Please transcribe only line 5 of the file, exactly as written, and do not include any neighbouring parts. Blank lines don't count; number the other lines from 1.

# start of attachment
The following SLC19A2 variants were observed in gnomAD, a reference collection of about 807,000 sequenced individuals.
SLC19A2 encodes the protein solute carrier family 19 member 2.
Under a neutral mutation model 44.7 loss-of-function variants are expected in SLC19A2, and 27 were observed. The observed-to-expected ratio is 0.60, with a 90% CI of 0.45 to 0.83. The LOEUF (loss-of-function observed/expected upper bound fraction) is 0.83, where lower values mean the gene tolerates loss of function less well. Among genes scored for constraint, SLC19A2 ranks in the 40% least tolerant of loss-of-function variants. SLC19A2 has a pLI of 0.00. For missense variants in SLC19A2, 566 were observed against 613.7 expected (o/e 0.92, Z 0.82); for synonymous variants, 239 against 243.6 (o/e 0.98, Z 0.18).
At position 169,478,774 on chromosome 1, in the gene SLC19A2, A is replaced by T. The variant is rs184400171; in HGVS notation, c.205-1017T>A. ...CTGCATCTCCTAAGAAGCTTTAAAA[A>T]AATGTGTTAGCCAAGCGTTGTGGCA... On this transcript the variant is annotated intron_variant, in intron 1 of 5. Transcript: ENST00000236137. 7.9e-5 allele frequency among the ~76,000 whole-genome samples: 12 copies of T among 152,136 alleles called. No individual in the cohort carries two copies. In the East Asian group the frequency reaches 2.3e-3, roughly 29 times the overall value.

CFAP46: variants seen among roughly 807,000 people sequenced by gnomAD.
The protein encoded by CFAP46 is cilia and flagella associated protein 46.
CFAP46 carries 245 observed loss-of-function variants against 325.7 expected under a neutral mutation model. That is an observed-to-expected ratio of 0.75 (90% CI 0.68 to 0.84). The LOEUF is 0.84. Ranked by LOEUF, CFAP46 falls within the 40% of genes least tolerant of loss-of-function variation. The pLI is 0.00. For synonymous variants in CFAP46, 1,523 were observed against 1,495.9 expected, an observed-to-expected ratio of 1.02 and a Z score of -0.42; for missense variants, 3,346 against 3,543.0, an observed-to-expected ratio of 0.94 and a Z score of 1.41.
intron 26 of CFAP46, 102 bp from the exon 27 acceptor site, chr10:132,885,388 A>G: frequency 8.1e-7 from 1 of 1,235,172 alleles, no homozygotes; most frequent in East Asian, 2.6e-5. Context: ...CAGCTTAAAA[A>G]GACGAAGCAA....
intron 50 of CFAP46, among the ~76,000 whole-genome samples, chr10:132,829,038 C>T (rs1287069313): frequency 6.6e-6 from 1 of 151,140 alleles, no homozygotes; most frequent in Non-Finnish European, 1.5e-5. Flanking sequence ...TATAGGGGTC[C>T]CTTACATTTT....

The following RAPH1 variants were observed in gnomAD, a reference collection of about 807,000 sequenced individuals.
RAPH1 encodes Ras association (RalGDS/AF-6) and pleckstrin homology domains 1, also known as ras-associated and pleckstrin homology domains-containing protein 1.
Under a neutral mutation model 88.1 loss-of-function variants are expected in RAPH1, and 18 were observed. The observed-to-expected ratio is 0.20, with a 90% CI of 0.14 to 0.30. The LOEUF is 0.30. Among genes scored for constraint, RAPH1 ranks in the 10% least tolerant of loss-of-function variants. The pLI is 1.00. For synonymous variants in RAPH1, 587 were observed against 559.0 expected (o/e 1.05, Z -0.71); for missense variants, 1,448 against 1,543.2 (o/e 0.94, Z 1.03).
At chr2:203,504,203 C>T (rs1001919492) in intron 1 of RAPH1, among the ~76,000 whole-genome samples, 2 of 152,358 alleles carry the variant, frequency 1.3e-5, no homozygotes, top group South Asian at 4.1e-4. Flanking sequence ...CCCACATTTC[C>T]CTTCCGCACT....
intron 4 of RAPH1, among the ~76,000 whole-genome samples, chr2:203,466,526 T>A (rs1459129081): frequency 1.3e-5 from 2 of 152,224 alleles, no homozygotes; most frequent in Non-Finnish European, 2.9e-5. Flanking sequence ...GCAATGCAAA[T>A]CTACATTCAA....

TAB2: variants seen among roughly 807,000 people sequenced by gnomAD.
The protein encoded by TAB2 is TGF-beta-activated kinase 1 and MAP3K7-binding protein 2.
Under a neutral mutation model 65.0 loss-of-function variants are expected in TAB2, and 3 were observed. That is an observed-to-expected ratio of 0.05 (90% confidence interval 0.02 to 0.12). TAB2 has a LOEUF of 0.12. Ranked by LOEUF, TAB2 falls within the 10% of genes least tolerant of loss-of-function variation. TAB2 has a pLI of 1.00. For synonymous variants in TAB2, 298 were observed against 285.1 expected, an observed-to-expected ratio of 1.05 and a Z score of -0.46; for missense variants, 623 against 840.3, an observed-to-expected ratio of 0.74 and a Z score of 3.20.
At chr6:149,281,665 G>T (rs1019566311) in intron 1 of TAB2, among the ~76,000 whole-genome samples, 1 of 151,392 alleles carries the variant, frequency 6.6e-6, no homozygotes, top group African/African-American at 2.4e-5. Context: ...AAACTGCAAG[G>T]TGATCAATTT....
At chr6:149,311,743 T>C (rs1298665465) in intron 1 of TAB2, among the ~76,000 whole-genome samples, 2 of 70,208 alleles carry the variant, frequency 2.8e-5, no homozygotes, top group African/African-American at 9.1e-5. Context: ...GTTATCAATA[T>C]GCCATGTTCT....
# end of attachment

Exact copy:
CFAP46: variants seen among roughly 807,000 people sequenced by gnomAD.